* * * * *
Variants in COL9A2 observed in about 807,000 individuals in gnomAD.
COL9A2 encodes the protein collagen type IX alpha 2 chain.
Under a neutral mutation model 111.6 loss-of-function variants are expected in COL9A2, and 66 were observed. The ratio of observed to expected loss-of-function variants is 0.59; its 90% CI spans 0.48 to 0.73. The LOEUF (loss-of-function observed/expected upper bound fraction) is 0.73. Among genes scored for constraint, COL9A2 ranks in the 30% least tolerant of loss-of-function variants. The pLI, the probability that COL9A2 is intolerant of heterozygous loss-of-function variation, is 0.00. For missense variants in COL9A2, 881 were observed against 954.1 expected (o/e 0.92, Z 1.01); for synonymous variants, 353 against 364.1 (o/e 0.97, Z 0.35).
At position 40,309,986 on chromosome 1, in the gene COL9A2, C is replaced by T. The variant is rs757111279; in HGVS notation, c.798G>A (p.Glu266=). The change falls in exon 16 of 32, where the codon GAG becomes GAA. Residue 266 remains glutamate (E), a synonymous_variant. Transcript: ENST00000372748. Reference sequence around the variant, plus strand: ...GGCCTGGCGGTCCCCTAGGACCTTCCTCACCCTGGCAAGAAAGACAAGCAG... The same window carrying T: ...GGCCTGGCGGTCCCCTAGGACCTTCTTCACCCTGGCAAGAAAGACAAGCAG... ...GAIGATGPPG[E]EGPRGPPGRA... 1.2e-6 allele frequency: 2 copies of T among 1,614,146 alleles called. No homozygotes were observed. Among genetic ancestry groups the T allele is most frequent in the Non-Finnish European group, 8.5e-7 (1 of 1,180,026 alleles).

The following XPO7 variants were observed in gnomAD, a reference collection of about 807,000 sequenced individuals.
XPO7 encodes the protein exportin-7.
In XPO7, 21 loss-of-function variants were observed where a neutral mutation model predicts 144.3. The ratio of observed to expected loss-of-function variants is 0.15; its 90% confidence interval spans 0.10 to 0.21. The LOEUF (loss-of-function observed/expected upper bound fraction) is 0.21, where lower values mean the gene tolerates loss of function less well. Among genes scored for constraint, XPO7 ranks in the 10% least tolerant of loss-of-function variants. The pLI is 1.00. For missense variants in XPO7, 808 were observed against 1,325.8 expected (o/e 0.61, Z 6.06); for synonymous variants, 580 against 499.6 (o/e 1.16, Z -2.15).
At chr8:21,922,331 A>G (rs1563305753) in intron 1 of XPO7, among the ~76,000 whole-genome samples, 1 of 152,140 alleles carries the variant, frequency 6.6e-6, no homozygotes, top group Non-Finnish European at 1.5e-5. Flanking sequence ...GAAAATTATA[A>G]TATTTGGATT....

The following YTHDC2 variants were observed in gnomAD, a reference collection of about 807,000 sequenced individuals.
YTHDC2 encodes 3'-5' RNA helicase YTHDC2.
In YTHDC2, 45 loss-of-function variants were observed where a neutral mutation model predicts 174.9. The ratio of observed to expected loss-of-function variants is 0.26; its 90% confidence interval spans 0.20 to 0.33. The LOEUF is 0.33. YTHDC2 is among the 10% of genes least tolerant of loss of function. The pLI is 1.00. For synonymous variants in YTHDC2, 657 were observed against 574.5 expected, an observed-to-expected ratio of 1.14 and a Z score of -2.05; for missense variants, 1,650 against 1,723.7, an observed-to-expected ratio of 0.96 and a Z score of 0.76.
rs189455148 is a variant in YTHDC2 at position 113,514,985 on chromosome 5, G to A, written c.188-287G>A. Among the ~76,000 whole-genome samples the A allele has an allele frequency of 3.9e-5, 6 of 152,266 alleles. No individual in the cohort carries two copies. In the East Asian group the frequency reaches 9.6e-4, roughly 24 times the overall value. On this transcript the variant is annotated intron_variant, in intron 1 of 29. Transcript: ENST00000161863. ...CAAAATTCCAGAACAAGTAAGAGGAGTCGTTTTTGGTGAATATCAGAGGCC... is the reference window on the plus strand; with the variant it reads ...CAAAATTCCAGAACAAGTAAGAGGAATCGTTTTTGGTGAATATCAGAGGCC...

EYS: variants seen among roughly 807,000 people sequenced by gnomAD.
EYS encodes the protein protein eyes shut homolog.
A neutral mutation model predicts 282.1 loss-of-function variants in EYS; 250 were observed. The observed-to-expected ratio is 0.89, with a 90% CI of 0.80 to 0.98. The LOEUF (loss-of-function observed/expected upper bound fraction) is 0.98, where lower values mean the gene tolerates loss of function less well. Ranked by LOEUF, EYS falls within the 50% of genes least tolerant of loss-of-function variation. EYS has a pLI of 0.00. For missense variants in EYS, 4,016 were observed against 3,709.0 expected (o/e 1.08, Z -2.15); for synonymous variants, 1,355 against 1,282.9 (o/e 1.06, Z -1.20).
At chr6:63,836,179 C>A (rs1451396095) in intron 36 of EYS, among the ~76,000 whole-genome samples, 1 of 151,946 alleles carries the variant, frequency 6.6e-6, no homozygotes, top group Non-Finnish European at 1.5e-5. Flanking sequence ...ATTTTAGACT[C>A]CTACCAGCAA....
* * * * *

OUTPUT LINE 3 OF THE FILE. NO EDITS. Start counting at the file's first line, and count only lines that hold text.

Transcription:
Under a neutral mutation model 111.6 loss-of-function variants are expected in COL9A2, and 66 were observed. The ratio of observed to expected loss-of-function variants is 0.59; its 90% CI spans 0.48 to 0.73. The LOEUF (loss-of-function observed/expected upper bound fraction) is 0.73. Among genes scored for constraint, COL9A2 ranks in the 30% least tolerant of loss-of-function variants. The pLI, the probability that COL9A2 is intolerant of heterozygous loss-of-function variation, is 0.00. For missense variants in COL9A2, 881 were observed against 954.1 expected (o/e 0.92, Z 1.01); for synonymous variants, 353 against 364.1 (o/e 0.97, Z 0.35).